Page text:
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Here is my setup -

Xcode 3.2.5 
Cornerstone 2.0
SVN server 1.6

I am using cornerstone for version control and nothing setting anything in xcode.

Now here is the scenario -

I am working in a team (We all decided to use SVN for our new project) of 5 programmers. Now when I add a new view controller (i.e. LoginViewController.m) on my system the .xcodeproj file gets changed immediately on my system.

Mean while another programmer also add one more view controller (SignupViewController.m). His .xcodeproj file also gets changed.

Now when I complete my code of LoginViewController I commit it. After some time the second programmer finish the SignupViewController and commits his work.

Now using the above procedure the .xcodeproj file gets corrupt and xcode won't open that project again.

Now my question is When should we commit our work when developing iPhone apps under xcode when using a third party svn client. Can someone please elaborate the process of when should we commit in cornerstone.

Should we commit the project just after when we add something in project (like files, images, music)?

It will be great if you can also provide me a tutorial on using xcode + cornerstone in real world.

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I take it the .xcodeproj file is a binary file? If not, you should be able to merge the changes / resolve conflicts when you perform updates from the repository. –  forsvarir May 25 '11 at 11:23
    
@forsvarir: The .xcodeproj "file" is actually just a regular directory, containing half a dozen XML files. –  Sedate Alien May 25 '11 at 11:37
    
@Sedate Alien: Then the problem is coming from @Saurabh not performing an update, prior to commiting (I've never worked anywhere that this wasn't frowned on)? Otherwise I'd have expected there to be local conflicts / updates that would never make it into the repository. –  forsvarir May 25 '11 at 11:43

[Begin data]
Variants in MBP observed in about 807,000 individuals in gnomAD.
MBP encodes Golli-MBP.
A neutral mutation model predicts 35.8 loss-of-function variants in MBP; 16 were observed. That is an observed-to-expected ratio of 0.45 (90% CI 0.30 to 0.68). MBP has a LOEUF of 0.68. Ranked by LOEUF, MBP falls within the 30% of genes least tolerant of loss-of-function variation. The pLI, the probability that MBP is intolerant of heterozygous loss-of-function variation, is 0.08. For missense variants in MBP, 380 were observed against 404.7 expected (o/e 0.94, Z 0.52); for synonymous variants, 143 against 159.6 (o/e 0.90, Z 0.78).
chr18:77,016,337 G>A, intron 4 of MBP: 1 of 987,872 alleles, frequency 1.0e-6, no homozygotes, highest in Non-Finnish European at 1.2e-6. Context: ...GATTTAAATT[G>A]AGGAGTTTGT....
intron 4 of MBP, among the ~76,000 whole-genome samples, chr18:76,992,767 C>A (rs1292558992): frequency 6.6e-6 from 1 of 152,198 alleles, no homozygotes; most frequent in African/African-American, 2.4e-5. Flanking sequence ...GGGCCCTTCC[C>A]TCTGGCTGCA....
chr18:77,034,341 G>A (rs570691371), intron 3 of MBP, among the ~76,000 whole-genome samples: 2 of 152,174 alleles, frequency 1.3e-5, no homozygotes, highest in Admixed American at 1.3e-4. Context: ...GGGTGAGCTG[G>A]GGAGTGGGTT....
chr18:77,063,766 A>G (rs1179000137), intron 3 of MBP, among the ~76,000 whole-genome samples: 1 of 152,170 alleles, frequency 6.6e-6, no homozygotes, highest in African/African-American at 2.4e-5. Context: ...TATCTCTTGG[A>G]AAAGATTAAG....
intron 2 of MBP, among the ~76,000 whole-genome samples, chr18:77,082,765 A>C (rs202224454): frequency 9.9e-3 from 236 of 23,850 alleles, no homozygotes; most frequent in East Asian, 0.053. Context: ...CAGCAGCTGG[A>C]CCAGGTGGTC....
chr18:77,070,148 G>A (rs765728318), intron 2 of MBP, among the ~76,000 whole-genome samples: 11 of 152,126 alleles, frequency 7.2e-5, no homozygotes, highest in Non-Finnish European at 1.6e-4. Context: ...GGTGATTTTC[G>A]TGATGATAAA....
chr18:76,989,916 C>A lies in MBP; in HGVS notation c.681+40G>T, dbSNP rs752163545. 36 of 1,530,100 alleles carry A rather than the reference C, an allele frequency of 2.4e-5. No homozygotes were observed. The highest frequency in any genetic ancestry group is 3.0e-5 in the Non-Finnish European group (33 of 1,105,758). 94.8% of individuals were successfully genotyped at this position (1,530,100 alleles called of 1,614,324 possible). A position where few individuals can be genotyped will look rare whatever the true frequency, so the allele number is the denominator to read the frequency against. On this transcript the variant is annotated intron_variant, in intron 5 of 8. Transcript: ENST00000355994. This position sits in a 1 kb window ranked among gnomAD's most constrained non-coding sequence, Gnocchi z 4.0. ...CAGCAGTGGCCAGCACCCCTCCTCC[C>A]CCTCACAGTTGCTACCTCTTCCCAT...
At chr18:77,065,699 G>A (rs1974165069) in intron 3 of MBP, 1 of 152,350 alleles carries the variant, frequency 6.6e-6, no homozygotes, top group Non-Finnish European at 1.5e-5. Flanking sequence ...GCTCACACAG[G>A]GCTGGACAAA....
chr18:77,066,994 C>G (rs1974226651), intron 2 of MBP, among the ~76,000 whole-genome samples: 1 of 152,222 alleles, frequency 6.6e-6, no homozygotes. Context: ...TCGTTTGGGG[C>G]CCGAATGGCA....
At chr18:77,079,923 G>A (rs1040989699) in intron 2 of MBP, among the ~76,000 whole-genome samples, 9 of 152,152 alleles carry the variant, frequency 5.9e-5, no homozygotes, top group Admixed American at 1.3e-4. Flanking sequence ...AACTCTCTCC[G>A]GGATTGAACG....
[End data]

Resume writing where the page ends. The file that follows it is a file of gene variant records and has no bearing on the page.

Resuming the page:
2 Answers 2

up vote 0 down vote accepted

Remember this:

Always update before you commit.

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There's a race condition in your advice. –  Rhythmic Fistman May 25 '11 at 11:46
1  
@Rhythmic Fistman: You don't seem to have made the same obverservation on @Philippe Leybaert's post, which contains the same condition. Or am I missing something? –  forsvarir May 25 '11 at 11:52
    
@MachineCharmer - but when I update my copy with latest revision the .xcodeproj (or specifically I should say - project.pbxproj in .xcodeproj folder) my own changes will be lost.. won't they? –  Saurabh May 25 '11 at 12:12
    
No. SVN will merge changes made by your friend with your local copy. If there is conflict SVN will let you know. –  Pratik Deoghare May 25 '11 at 12:45
1  
@Rhythmic Fistman: It's not my post, so I didn't use any bold/italics :^) I don't see how having a distributed repository would resolve the problem... but then I haven't used git –  forsvarir May 25 '11 at 13:21

One way to do this:

Whenever you want to change something to the project structure (add a class for example), you first update your working copy, make the change, and commit right away. Of course that means you'll check in an empty class, but that's no big issue in most cases. If everyone follows that rule, you shouldn't have any problems.

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Exactly. If you update first, it'll try to overwrite and merge your existing xcodeproject file. If you commit, you'll commit a merged file. If it's unsuccesfull, SVN will let you know! –  Joetjah May 25 '11 at 11:21
    
@Philippe Leybaert - but when I update my copy with latest revision the .xcodeproj (or specifically I should say - project.pbxproj in .xcodeproj folder) my own changes will be lost.. won't they? –  Saurabh May 25 '11 at 12:12
    
No, because you should always commit right away after you made changes to the project file. So the order is: update - make changes - commit –  Philippe Leybaert May 25 '11 at 12:14
    
But I am working in a team and many programmers changing the things.. and the .pbxproj file gets change everytime on every once system. Mean .pbxproj file gets changed simultaneously. Is it expected behaviour? or I am missing something.. ? –  Saurabh May 25 '11 at 12:37
    
You're missing something :-) If everyone follows this rule religiously, there will be no conflicts in the project file, because everyone will change the project file based on the last change made by anyone else. You just have to make sure you do each step quickly after the next. –  Philippe Leybaert May 25 '11 at 12:42

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